The practice of Ubuntu in reintegrating and empowering African Australians in and out of the justice system

Dr Diana Johns1, Dr Gerald Onsando2, Ms Selba Luka3, Mr Mamadou Diamanka4, Professor John Braithwaite5

1University of Melbourne, Parkville, Australia,

2University of Melbourne, Parkville, Australia,

3Afri-Aus Care Inc., Dandenong, Australia,

4Australian and African Foundation for Retention and Opportunity (AAFRO), Melbourne, Australia,

5The Australian National University, Canberra, Australia

African-Australians’ over-representation in Victoria’s criminal justice system has drawn significant media attention and academic interest and motivated government efforts to engage with communities in developing effective responses to this problem and its underlying social issues. Yet there is little understanding or practice knowledge about the sociocultural barriers African Australians face, both in prison and in the community following their release. This roundtable discussion will draw on our combined academic and practitioner perspectives on the support needs of justice-involved African-Australians in Victoria. We will draw on our research data and support service provision with African-Australian young people and adults, including those in prison, released from custody, and navigating criminal justice processes (police, courts, youth justice and corrections orders) in the community.

 

As academics, we draw on findings of a research project on the post-release support needs of African Australians, aged 16 years and over, released from custody in Victoria. In this study, we apply a social-ecological framework to understand the role of family and community in the reintegration process. As practitioners, we draw on our work with young people and their families, through AAFRO and Afri-Aus Care.  We use the concept of Ubuntu to build and strengthen the capacity of community to give people hope and opportunities to live fulfilling and productive lives. As research partners, we explore how the concept of Ubuntu – the principle of interdependence and common humanity, captured in the saying ‘I am because we are’ – may provide a blueprint for connectedness and reintegration for communities across Victoria.


Biography:

Diana Johns is Senior Lecturer in Criminology at the University of Melbourne. Her research interests include post-prison reintegration, restorative and therapeutic approaches, and the experience of young people and ‘vulnerable’ groups involved with the justice system. In recent research she has explored the effects of over-policing for African-background young people, and the criminalisation of South Sudanese young people in Victoria. Diana’s current research includes a focus on African-Australian young people’s experience of criminalisation and reintegration. Her collaborative writing projects include a co-authored book, #Africangangs: The Construction of a Law and Order Crisis (Weber et al., Emerald, due 2021).

Dr Gerald Onsando is the 2018 winner of David Biles Correctional Research Award. Dr Onsando is an active member of the African community in Victoria and an experienced researcher and program evaluator. He has significant experience in engaging with African communities in sociocultural, leadership, research, and evaluation contexts. Dr Onsando has published widely and presented research findings about African communities’ resettlement outcomes in Australia, including a research about ‘Experiences and perspectives of African prisoners in Victoria’. Dr Onsando is currently evaluating the Black Rhinos Basketball Program, a crime prevention program that supports African Australians at risk of offending or reoffending.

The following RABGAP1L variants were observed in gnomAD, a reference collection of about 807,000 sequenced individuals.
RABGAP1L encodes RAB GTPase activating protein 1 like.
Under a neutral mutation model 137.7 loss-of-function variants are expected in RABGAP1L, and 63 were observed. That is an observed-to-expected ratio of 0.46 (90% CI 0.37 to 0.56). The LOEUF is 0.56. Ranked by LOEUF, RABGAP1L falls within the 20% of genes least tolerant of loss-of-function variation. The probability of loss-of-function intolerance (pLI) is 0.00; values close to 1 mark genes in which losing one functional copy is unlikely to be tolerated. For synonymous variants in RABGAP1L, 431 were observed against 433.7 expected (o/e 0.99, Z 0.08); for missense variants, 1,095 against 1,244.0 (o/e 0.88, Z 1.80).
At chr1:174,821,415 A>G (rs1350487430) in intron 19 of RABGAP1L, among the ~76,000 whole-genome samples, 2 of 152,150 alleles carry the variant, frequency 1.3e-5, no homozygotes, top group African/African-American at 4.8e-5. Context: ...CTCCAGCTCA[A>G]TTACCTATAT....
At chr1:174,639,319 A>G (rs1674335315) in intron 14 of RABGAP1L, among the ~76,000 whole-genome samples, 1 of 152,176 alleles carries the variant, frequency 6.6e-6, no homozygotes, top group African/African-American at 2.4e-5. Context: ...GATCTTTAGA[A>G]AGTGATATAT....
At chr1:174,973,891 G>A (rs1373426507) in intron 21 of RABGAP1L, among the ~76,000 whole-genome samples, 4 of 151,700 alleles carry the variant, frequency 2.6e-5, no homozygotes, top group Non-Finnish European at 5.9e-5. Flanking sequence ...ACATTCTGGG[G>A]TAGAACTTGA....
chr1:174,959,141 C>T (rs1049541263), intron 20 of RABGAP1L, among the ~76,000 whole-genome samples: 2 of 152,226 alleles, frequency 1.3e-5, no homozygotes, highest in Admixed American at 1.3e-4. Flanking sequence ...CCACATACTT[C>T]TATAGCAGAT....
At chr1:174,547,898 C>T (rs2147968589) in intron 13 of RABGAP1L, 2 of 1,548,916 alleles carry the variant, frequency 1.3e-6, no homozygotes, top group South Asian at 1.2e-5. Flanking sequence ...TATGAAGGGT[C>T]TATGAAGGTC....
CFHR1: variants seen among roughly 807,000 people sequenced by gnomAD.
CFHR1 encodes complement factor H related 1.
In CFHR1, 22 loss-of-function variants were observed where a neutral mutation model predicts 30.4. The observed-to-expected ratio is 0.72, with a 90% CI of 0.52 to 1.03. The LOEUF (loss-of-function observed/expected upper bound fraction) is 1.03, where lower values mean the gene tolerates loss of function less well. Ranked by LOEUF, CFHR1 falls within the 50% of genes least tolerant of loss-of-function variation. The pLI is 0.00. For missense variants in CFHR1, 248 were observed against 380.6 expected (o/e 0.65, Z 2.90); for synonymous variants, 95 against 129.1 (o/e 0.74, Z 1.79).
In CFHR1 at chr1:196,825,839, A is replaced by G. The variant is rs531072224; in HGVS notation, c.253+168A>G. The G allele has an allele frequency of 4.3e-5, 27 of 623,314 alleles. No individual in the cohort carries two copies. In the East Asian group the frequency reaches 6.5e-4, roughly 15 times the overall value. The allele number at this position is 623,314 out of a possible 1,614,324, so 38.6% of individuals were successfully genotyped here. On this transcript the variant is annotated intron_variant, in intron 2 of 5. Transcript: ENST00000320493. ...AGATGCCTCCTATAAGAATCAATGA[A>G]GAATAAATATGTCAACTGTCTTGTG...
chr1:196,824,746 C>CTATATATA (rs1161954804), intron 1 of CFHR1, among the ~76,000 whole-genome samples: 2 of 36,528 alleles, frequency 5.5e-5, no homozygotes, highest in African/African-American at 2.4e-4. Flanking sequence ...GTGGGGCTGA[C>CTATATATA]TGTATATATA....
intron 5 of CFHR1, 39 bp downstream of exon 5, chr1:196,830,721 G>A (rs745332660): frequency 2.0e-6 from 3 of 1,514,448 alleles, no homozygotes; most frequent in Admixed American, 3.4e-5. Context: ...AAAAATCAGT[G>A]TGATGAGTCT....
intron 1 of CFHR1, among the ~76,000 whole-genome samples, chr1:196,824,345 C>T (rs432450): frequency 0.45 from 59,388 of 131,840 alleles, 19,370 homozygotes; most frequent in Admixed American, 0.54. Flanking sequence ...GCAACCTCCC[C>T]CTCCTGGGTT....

Selba Gondonza Luka is CEO/founder of Afri-Aus Care Inc. and co-founder of the Black Rhinos Basketball Club, based in Dandenong (SE Melbourne). Afri-Aus Care provides culturally-specific support services to African-Australian youth and families through sport, education, job pathways and women’s programs, in prison and the community. Originally from Malawi, and with a professional background as a Mental Health Clinician, Selba is a member of the Victorian Government’s African Australian Community Task Force and the Victorian Multicultural Commission Regional Advisory Committee. Inspired by her experiences of long-term domestic abuse and repairing a fractured family relationship, Selba founded Afri-Aus Care in 2015.

Mamadou Diamanka is CEO/Director of the Australian and African Foundation for Retention and Opportunity (AAFRO), which he founded in 2010. Mamadou is a youth worker whose focus is building bridges with the wider community and between diverse African groups. His work with young people and their families in education and training support has made him a key role model for young Africans in particular. AAFRO run a range of innovative programs for young people, including those in contact with the justice system, to help them to stay in school and acquire life-skills for the transition to work or further education.

Professor John Braithwaite will Chair this Roundtable. John Braithwaite’s scholarship seeks to design peacebuilding, crime prevention and regulation to reduce the amount of domination in the world. John has been active in the peace movement, the politics of development, the social movement for restorative justice, the labour movement and the consumer movement for 50 years in Australia and internationally. Since 2004 he has led a 25-year comparative project called Peacebuilding Compared (most recent book: Networked Governance of Freedom and Tyranny, 2012, with Charlesworth and Soares). His best-known research is on the ideas of responsive regulation and restorative justice. Reintegrative shaming has also been an important focus.

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